Next session I attended was by Benny Tritsch with the presentation a survival guide to a Microsoft-only VDI. Benny also started with the naming convention of Micorosoft and the available clients (acquired by Itab). Next topic discusses Pooled VMs versus Private VMs. Benny shows the Management Console and talks us through (the limitations) of the console and collections. Next topic was prepping the VMs, Benny discusses and shows a nice creation PowerShell script creating the VHD(X) and own created PowerShell scripts for creating the VMs. Benny continued with HA/Scalability (1000 con/sec per RDG, 5000 conn/5min per RDC, 60 MB SQL server DB for 5000 VMs, 5 GB per pooled VM). Benny also touched the User Profile Disk, but because we already did that in our presentation he didn’t go into details. Benny also described User Experience Virtualization characteristics. Benny tries to explain MS licensing and came up with a pretty easy and very good flowchart. He also touched the licensing trick using Server OS for one user and Project VRC shows that it performs better than the Client OS. Benny ended with some good notes from the field (gen 2 VMs unsupported, no mix and match RDSH/RDVH, PowerShell is not for OPS, no integrated management console, incompatible profile management solutions, SCVMM does not cover VDI solutions, seems not to be very scalable.
Last session of day 1: Pierre Marmignon with the presentation Virtual Desktops Best Practices Chapter 3: Login Times and Response Times. Pierre explains that AD can be one of the reasons of slow logon time. He provided tips and tricks like user groups to assign resources, organize RDS/XenApp/VDI into separate OUs, leverage GPO hierarchy for common settings, if possible block inheritance at top level OU, permissions on non-standard groups are domain specific and client side extensions cross GPO impact performance. Next topic about login times were licensing (sizing, force server instead of discovery), profiles (leverage UPM, enable streaming, exclusions are not an option and need to be managed wisely) and Anti-Virus (exclude all Citrix components, do not scan the same item twice, and check Project VRC comparison). Pierre repeats that GPP should be avoided and this can be better done via logon scripts and again some tips and tricks on GPO (avoid WMI filtering) and logon scripts (forget about PowerShell, write scripts by a skilled writer, use asynchronous execution when possible, VBS is still one of the best solutions, query LDAP/AD smartly, user feedback is key, consider using third party solutions). Pierre continued with other tips for response times (OS tuning, tune Windows Explorer, enable Citrix CPU optimization).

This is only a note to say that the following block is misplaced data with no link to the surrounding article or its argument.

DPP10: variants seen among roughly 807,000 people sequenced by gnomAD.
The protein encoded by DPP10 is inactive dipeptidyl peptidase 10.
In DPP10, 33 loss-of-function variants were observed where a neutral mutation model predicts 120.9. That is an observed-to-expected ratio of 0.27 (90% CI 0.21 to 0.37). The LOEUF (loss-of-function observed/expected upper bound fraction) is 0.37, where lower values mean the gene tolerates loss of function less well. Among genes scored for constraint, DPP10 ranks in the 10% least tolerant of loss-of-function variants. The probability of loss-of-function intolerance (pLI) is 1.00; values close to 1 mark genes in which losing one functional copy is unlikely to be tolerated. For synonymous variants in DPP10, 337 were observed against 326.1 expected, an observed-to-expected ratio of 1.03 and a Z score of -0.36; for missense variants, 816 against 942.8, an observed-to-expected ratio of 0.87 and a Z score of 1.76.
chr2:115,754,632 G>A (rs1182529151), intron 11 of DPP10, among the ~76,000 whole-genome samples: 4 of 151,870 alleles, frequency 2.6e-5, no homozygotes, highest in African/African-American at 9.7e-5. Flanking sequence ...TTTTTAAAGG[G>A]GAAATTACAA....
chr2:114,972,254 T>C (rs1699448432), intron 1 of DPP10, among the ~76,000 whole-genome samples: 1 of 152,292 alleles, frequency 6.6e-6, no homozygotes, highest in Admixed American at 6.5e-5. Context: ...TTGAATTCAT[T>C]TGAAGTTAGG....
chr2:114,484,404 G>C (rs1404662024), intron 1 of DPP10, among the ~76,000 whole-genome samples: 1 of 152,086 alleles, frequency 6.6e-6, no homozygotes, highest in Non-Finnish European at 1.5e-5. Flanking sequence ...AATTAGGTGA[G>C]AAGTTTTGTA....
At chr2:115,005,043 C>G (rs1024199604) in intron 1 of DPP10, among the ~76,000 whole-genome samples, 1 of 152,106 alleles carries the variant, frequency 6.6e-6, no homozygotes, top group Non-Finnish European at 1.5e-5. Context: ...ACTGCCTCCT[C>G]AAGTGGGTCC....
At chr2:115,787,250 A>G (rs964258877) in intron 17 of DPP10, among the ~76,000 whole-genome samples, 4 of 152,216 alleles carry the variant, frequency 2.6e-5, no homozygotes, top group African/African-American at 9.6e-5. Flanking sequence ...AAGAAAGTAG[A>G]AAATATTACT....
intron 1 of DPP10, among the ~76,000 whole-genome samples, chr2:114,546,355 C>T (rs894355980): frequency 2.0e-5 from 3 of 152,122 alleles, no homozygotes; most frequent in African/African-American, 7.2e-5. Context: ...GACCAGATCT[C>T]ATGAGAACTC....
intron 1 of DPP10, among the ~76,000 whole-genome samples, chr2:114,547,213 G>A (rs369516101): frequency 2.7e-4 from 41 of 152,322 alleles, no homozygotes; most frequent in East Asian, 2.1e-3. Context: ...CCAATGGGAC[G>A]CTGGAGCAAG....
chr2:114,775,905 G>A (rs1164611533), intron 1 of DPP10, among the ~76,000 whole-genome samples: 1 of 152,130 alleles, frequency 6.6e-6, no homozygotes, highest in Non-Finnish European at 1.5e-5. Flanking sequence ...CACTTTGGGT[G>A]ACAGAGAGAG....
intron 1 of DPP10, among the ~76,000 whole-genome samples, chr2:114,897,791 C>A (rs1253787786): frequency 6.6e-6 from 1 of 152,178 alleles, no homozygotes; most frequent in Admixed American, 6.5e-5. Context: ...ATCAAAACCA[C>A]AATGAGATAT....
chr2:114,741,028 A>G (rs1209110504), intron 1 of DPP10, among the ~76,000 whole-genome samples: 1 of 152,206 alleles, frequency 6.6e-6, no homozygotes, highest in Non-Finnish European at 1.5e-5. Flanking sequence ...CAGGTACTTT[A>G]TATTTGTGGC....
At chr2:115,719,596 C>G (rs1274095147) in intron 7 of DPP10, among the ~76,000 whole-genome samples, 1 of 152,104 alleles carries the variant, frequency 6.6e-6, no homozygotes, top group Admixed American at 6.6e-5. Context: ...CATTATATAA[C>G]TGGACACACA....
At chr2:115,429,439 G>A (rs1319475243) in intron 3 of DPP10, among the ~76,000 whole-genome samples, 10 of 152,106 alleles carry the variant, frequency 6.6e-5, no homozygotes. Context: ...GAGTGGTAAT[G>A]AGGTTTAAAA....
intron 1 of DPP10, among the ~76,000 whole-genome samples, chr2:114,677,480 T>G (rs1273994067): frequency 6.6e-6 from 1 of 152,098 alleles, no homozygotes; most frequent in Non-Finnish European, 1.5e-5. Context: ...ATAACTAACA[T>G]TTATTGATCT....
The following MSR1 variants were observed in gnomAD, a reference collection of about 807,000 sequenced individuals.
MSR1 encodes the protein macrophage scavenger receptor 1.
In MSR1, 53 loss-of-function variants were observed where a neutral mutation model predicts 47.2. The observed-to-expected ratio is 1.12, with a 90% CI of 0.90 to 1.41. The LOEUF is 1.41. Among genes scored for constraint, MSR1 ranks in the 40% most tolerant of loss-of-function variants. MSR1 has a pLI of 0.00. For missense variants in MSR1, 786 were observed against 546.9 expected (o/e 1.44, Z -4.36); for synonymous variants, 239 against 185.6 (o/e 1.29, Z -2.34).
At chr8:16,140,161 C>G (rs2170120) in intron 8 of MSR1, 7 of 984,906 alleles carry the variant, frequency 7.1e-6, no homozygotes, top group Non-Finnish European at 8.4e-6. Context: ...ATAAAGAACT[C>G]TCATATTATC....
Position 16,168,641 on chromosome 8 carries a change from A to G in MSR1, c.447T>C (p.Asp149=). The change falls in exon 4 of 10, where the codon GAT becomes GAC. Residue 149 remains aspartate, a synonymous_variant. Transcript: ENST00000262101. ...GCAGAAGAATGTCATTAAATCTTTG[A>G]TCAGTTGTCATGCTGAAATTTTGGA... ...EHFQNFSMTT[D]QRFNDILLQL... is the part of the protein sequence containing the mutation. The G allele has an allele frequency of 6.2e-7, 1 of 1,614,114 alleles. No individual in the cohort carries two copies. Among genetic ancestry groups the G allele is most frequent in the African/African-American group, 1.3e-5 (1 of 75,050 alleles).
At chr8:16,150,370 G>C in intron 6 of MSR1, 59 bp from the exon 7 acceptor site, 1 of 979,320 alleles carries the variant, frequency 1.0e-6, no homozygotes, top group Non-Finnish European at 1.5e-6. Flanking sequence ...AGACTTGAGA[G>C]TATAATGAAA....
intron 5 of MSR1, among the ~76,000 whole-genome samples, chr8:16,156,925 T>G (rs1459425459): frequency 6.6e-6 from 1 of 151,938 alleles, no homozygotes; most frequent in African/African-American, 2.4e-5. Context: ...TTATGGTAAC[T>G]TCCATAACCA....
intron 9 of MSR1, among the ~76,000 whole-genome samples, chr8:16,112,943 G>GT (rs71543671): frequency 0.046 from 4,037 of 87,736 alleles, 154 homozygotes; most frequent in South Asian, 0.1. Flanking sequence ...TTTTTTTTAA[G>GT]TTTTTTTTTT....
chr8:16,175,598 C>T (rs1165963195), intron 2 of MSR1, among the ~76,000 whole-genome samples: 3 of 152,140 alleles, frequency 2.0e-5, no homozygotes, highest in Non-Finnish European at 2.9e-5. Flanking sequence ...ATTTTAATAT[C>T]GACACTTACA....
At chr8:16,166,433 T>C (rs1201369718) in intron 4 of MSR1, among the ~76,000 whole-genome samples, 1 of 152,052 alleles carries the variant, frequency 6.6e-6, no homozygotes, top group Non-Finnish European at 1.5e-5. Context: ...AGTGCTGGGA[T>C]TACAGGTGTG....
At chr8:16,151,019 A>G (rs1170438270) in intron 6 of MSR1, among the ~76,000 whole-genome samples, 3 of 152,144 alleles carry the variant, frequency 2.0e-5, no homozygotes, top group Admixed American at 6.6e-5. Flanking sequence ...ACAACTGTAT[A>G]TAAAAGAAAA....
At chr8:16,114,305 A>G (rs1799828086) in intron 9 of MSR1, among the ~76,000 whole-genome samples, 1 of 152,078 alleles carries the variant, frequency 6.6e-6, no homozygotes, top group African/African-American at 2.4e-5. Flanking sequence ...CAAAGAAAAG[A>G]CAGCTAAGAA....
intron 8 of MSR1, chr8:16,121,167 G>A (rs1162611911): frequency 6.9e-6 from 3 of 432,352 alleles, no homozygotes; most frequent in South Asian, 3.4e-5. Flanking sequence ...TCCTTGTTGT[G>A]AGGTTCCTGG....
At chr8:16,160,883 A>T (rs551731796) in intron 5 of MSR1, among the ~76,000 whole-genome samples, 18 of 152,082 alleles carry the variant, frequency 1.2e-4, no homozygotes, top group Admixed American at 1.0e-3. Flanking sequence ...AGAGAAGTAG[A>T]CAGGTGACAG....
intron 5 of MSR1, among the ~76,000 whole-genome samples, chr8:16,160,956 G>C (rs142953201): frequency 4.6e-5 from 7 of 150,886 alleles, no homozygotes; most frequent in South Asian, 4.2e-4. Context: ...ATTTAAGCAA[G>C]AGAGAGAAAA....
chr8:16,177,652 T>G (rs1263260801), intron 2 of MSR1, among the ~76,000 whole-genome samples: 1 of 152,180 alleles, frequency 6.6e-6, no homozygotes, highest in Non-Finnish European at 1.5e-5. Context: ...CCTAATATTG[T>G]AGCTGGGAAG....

Second day started really early on 8:30 with the session XenMobile and Beyond by Esther Barthel, Martijn Hulsman, Karen Scibberas and Rienk Spies. I run in the session a few minutes late when Esther was describing the available XenMobile editions, followed by the XenMobile architecture. After this overview they started diving into the components into detail starting with device manager. The Pre-Install checklist was discussed (some good notes about specific requirements, just use that document when installing XenMobile). Martijn provides some lessons learned: use a wildcard certificate, use your own CA/PKI for internal SSL, add root CA to NS, XDM and XAC cer store, use XDM self-signed certificates during install, request apple push notification server certificate before install, Citrix is required to sign certificate, get all DSN FQDNS in place in advance, use simple URLs, Auto Discovery. Next topic was the App Controller again starting referring to the installation documents and a description of the AppController (virtual appliances, initial network config in console, and further config via web console). Esther describes the functionality using print screens from the console and user interface. Also the MDX Toolkit (aka Worx App SDK) is described, it's only available on Mac OSX. Esther continued describing the microVPN tunnel, WorxWeb (by default not MDX Enabled), WorxMail. Martijn discusses the Lessons Learned for the AppController (Separate URL for AppController, Direct connections to StoreFront for laptops, use an Enterprise Apple Developer Account (personal is limited to 100 devices), Android Apps also require the MDX Toolkit. Next topic was the Enterprise edition features starting with ShareFile Enterprise (Storage Zone Connectors), decisions to use CYO (Device Manager)/BYO (AppController, also includes wipes on application level). Lessons Learned according to Martijn are test each component separately before integrating, use internal PKI to enable certificate based authentication, use a specific test device. Now it's time for the demos which were provided by Rink. After a short break Karen took over talking about troubleshooting XenMobile. Karen started with describing the authentication flow, so which components communicated with each other. Karen continued with the available troubleshooting possibilities. She started with the MDM logfiles website (http://<IP>/zdm/helper.jsp). Next topics were the logfiles uploading for the Worx applications, followed by looking into that logfiles. Next topic was the NetScaler Gateway combined with the AppController and Single Sign-On. Testing via a Browser is the first step of the troubleshooting process. Last topic was the new feature in AppController 2.9 to forward users to a specific NetScaler. Karen ended the session with referrals to good documentation and takeaways.